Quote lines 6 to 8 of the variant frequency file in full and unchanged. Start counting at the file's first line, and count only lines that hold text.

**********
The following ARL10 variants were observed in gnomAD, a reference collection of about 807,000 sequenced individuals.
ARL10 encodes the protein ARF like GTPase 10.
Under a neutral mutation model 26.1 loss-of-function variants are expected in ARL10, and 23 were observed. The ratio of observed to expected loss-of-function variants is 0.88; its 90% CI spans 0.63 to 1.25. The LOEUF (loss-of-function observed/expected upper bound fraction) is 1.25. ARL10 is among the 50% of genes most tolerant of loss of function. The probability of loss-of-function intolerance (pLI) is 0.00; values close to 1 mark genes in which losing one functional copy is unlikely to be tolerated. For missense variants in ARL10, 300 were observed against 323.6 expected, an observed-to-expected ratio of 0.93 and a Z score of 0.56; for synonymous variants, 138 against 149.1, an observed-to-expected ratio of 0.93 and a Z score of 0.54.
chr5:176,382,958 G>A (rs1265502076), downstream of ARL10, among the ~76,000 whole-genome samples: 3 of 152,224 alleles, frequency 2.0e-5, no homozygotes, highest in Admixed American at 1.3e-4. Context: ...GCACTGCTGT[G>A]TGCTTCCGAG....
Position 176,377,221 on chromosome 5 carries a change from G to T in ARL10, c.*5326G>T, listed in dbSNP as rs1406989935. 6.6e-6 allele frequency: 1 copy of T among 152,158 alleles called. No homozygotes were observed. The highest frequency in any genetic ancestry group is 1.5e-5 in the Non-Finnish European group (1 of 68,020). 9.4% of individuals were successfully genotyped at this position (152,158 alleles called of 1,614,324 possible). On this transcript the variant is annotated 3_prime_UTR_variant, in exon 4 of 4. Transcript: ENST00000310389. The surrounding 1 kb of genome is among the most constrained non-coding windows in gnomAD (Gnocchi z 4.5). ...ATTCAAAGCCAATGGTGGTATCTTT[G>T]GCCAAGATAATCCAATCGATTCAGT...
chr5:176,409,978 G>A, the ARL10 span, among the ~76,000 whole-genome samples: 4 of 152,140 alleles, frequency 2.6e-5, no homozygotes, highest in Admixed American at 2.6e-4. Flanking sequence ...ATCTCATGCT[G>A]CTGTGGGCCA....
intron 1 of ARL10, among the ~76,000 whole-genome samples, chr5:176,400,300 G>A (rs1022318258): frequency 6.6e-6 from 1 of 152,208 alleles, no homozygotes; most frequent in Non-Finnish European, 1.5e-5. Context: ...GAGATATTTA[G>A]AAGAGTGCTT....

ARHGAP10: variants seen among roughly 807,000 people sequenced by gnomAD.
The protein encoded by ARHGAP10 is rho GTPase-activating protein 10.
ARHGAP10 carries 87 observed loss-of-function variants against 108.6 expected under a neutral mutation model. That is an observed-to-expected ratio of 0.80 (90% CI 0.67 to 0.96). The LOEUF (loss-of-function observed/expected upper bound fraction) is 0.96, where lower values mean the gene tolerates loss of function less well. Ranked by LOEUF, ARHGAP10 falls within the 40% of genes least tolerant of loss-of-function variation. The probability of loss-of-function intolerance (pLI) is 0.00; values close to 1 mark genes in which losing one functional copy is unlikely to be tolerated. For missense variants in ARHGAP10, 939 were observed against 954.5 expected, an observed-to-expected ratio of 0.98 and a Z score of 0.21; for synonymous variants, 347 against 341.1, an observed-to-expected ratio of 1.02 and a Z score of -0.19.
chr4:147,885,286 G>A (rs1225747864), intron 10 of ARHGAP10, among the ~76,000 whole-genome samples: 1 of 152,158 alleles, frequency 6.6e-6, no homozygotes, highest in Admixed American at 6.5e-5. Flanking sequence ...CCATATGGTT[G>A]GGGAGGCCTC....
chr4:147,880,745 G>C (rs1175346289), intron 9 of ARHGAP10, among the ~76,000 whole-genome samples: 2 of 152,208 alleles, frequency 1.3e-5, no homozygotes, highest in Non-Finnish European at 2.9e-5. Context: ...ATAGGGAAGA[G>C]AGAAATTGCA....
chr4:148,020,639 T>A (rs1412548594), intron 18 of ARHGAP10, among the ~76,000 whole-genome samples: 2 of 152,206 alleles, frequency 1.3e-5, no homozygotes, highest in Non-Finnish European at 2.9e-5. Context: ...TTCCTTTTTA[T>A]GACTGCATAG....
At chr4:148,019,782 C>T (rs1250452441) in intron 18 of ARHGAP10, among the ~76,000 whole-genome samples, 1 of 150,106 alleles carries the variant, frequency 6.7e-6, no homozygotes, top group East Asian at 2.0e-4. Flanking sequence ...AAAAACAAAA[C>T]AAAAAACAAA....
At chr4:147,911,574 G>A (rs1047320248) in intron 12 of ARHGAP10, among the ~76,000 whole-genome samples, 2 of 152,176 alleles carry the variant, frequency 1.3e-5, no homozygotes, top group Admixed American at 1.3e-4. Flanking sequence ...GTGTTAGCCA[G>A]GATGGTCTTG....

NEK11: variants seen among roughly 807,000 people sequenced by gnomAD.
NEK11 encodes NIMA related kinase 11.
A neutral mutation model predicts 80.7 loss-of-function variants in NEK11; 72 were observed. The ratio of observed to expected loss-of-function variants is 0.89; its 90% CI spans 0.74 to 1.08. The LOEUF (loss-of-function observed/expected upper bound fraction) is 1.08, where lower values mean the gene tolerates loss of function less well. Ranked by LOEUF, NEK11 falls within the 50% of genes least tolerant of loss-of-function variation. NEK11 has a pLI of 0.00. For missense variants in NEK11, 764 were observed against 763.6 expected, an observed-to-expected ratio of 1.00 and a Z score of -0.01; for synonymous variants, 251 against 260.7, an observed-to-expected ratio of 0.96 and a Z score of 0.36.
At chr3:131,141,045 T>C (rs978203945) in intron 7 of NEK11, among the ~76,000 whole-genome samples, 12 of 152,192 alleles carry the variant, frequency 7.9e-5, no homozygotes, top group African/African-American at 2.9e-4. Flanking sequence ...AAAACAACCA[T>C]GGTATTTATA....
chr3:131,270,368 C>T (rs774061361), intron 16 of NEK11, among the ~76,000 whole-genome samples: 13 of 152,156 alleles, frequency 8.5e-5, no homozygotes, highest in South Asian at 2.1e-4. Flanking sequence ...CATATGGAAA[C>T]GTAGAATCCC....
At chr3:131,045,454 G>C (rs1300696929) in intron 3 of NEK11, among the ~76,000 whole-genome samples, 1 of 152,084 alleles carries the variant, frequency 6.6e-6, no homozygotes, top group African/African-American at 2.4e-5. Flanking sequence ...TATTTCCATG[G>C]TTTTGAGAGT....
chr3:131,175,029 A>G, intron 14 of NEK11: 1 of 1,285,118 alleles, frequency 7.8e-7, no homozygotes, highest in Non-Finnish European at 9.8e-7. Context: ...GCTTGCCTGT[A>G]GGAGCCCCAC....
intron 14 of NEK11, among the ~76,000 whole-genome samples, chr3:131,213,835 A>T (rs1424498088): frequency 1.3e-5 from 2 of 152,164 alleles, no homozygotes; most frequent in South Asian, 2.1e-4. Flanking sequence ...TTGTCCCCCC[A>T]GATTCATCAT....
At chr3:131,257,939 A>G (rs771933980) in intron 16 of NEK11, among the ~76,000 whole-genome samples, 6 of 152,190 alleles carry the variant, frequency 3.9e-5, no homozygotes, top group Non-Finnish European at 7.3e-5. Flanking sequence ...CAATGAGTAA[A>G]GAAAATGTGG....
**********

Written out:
chr5:176,409,978 G>A, the ARL10 span, among the ~76,000 whole-genome samples: 4 of 152,140 alleles, frequency 2.6e-5, no homozygotes, highest in Admixed American at 2.6e-4. Flanking sequence ...ATCTCATGCT[G>A]CTGTGGGCCA....
intron 1 of ARL10, among the ~76,000 whole-genome samples, chr5:176,400,300 G>A (rs1022318258): frequency 6.6e-6 from 1 of 152,208 alleles, no homozygotes; most frequent in Non-Finnish European, 1.5e-5. Context: ...GAGATATTTA[G>A]AAGAGTGCTT....

ARHGAP10: variants seen among roughly 807,000 people sequenced by gnomAD.